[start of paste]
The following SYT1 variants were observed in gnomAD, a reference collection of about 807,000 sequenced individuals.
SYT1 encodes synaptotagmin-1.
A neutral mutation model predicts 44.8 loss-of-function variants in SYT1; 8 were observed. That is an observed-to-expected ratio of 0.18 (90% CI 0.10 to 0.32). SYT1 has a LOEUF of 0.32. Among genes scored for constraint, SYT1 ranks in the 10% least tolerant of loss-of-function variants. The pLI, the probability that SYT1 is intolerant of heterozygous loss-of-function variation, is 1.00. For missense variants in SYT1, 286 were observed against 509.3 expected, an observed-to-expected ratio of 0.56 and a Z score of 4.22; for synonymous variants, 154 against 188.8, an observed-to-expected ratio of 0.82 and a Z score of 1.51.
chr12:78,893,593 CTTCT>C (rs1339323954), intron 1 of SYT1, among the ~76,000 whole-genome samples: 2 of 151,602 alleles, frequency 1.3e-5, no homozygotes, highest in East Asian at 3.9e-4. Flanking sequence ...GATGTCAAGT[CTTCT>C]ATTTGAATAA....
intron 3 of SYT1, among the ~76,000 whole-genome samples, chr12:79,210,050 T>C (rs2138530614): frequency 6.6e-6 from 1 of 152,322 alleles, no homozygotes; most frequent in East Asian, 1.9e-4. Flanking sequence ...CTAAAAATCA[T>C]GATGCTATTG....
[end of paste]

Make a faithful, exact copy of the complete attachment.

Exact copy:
The following SYT1 variants were observed in gnomAD, a reference collection of about 807,000 sequenced individuals.
SYT1 encodes synaptotagmin-1.
A neutral mutation model predicts 44.8 loss-of-function variants in SYT1; 8 were observed. That is an observed-to-expected ratio of 0.18 (90% CI 0.10 to 0.32). SYT1 has a LOEUF of 0.32. Among genes scored for constraint, SYT1 ranks in the 10% least tolerant of loss-of-function variants. The pLI, the probability that SYT1 is intolerant of heterozygous loss-of-function variation, is 1.00. For missense variants in SYT1, 286 were observed against 509.3 expected, an observed-to-expected ratio of 0.56 and a Z score of 4.22; for synonymous variants, 154 against 188.8, an observed-to-expected ratio of 0.82 and a Z score of 1.51.
chr12:78,893,593 CTTCT>C (rs1339323954), intron 1 of SYT1, among the ~76,000 whole-genome samples: 2 of 151,602 alleles, frequency 1.3e-5, no homozygotes, highest in East Asian at 3.9e-4. Flanking sequence ...GATGTCAAGT[CTTCT>C]ATTTGAATAA....
intron 3 of SYT1, among the ~76,000 whole-genome samples, chr12:79,210,050 T>C (rs2138530614): frequency 6.6e-6 from 1 of 152,322 alleles, no homozygotes; most frequent in East Asian, 1.9e-4. Flanking sequence ...CTAAAAATCA[T>C]GATGCTATTG....